JetBlue’s Embraer 190s have received a stay of execution. While the 60-strong fleet was expected to be retired by 2025, 30 aircraft – all owned by the airline – will be now be kept beyond that year. JetBlue will benefit from the very low ownership costs as it continues to recover from the pandemic. Meanwhile, the remaining 30 Embraer aircraft, all leased, will now be gone between 2023 and 2026. We take a look inside JetBlue’s E190 operations.
JetBlue’s Embraer 190s and fleet development
First delivered in September 2005 and used commercially two months later, the 100-seat Embraer 190 has played an important role in the fleet of ‘New York’s Hometown Airline’. Interestingly, analyzing Cirium data shows that since 2005, the regional jet aircraft have had more flights from Boston than the carrier’s JFK hub.
JetBlue’s E190s, which have a 2-2 layout obviously with no middle seat, have an average age of 12.8 years, according to ch-aviation.com. They continue to play an important role, focusing as they do on shorter and less-demanded routes that wouldn’t justify a higher-capacity aircraft, at least not at the same frequency or with the same level of unit revenue. They also boost frequencies during off-peak times. In time, they’ll be replaced by incoming Airbus A220s.
Where is JetBlue flying the E190 in August?
Amusingly enough given how many seats the aircraft has, some 100 routes will see the E190 in August. These include a number of infrequent services and one-offs, OAG indicates, such as Orlando to Aguadilla on August 5th, New York La Guardia to Fort Lauderdale the following day, and JFK-Fort Myers on the 26th.
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There are some 28 routes from JFK (2,241 movements), 27 from Boston (2,459), and 18 from Fort Lauderdale (1,408), JetBlue’s three main airports. Boston to Washington’s downtown airport has the most flights, as follows, with up to five daily outbound flights depending on the day.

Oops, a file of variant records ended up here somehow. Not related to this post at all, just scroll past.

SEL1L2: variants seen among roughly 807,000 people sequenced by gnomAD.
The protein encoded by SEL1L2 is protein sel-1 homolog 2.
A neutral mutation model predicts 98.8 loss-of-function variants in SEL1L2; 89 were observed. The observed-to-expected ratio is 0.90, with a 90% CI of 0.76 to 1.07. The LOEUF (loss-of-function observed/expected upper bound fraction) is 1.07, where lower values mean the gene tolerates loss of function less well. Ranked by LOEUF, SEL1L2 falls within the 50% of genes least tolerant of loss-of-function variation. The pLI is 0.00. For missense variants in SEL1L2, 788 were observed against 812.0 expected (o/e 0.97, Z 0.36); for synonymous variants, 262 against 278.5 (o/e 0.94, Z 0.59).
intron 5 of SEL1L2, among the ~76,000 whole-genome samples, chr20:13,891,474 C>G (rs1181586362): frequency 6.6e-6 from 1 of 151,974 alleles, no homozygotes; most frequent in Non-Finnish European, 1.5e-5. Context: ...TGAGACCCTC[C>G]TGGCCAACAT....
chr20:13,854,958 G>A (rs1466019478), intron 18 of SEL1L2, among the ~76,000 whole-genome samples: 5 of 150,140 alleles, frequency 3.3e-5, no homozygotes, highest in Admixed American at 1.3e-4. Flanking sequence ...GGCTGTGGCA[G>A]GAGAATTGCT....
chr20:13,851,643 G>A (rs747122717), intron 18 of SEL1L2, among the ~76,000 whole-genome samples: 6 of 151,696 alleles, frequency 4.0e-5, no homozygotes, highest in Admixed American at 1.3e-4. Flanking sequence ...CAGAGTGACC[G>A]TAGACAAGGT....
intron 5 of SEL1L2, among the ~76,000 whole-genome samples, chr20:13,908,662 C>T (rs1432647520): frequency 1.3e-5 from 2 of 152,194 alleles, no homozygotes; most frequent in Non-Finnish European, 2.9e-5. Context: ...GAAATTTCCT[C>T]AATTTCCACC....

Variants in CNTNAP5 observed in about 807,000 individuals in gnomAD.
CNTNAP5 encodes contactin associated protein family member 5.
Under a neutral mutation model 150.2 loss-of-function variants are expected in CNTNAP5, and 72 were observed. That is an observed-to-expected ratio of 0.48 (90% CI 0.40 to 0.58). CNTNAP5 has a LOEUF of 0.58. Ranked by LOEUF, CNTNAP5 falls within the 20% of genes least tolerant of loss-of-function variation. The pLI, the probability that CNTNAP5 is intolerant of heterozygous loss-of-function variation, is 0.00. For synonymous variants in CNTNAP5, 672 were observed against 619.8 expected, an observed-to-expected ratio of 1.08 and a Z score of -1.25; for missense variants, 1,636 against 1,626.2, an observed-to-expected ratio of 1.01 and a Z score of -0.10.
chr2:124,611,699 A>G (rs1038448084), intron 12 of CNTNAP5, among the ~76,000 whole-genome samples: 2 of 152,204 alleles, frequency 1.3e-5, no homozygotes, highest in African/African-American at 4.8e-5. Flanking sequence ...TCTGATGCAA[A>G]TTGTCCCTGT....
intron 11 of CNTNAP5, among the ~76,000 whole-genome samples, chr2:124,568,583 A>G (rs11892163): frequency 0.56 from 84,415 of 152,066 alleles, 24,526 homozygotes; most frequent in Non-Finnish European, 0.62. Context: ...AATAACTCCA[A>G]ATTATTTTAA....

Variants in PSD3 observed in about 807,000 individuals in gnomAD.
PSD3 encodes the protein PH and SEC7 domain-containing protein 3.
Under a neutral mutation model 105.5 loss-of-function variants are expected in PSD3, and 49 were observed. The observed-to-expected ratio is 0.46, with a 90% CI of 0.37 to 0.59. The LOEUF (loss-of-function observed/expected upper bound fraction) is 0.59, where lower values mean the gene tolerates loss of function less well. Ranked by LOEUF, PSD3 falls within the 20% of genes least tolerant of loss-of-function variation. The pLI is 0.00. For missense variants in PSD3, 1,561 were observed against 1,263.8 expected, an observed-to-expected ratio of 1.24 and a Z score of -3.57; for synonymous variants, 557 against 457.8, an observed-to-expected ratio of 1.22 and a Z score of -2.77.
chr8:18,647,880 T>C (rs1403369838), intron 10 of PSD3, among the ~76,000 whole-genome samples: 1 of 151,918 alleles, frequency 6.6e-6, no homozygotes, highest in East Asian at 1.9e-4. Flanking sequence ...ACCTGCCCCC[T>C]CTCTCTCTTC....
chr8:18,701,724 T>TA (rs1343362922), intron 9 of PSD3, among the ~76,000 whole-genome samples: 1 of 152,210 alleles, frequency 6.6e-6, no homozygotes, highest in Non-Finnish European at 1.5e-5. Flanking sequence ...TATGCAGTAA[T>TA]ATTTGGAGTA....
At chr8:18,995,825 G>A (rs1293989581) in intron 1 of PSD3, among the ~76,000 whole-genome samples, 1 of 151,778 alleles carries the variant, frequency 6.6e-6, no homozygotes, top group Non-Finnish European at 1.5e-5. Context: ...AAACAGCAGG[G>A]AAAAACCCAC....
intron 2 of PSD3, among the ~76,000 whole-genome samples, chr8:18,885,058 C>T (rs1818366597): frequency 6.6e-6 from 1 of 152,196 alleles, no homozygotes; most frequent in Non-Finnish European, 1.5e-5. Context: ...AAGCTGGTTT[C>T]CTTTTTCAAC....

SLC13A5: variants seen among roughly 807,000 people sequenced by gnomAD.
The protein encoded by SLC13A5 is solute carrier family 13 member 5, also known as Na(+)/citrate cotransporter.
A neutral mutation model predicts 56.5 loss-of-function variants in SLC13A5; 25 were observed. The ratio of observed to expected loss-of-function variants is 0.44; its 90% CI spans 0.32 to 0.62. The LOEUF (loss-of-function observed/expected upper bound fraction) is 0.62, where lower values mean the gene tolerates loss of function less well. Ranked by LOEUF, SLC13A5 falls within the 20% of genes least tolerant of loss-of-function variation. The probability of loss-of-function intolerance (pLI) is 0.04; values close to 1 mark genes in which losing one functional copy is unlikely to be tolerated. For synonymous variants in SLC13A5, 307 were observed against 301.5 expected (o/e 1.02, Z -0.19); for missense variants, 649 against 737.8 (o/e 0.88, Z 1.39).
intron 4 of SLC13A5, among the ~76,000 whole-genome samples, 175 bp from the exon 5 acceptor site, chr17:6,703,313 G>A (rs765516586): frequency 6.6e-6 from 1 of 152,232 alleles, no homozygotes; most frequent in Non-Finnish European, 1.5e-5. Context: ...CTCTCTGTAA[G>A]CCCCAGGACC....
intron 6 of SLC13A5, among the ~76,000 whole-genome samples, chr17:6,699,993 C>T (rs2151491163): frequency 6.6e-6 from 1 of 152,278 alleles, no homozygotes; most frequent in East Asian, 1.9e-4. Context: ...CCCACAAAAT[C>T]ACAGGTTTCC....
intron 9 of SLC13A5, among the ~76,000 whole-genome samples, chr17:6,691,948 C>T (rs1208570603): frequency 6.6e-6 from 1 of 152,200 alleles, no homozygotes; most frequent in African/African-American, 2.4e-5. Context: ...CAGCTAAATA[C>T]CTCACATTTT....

- Boston to Washington National
- Boston-Raleigh Durham
- Fort Lauderdale-Kingston
- JFK-Martha’s Vineyard
JetBlue’s very short E190 routes
Obviously, regional jets are normally deployed on relatively short routes as that is where their economics are more advantageous. Breeze’s initial Embraer network, for example, is an average of 604 miles.
For JetBlue, it is 732 miles, with a good number of very short sectors, such as San Juan to St Thomas (68 miles); Boston-Martha’s Vineyard (70); Boston-Nantucket (91), JFK-Worcester (150); and San Juan-Punta Cana (155). In fact, nearly three in ten flights are sub-300 miles.
And the longest
Perhaps more interesting are the longer sectors. And JetBlue has more routes above 1,000 miles than it does less than 300 miles. No doubt the superior economics of the A220, which sees airBaltic use it from Riga to Dubai, will ensure they’re used fairly soon.
Chief among JetBlue’s longer routes is Boston-Austin, as shown below, although this has only four flights by the E190 and is otherwise served by the A320. Boston-Houston, meanwhile, is once-daily, 1,597 miles, and fully by the Embraer. JetBlue’s entry into Key West with the type has helped that airport to grow significantly.
- Austin-Boston: 1,698 miles
- Boston-Houston Intercontinental: 1,597 miles
- Boston-Dallas Fort Worth: 1,592 miles
- JFK-Austin: 1,521 miles
- JFK-Houston Intercontinental: 1,417 miles
- JFK-Dallas Fort Worth: 1,391 miles
- Boston-Key West: 1,373 miles
- Boston-Miami: 1,258 miles
- Boston-Fort Myers: 1,249 miles
- JFK-Key West: 1,201 miles
What are your experiences of the E190 with the carrier? Let us know by commenting.